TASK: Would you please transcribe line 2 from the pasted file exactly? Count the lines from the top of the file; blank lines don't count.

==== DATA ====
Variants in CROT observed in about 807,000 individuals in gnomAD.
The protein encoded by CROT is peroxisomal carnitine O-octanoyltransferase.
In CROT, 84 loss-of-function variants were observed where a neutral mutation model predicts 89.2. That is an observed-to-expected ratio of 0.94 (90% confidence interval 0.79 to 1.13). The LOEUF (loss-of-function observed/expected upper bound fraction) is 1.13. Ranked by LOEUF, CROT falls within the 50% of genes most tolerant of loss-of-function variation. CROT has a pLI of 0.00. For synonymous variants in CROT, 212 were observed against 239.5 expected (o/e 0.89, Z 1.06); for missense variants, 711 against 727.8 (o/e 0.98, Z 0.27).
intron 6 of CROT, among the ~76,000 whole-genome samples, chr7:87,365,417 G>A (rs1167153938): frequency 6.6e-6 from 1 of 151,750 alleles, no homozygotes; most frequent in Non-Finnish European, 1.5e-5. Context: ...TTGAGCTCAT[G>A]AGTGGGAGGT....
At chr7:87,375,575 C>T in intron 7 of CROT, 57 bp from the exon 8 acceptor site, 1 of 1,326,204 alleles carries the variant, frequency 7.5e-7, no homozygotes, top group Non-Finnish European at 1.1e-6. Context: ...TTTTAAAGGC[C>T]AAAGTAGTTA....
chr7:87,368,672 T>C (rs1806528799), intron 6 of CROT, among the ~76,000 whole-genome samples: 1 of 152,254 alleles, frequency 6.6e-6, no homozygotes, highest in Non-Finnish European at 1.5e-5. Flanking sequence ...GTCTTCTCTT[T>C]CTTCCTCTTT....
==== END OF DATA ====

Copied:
The protein encoded by CROT is peroxisomal carnitine O-octanoyltransferase.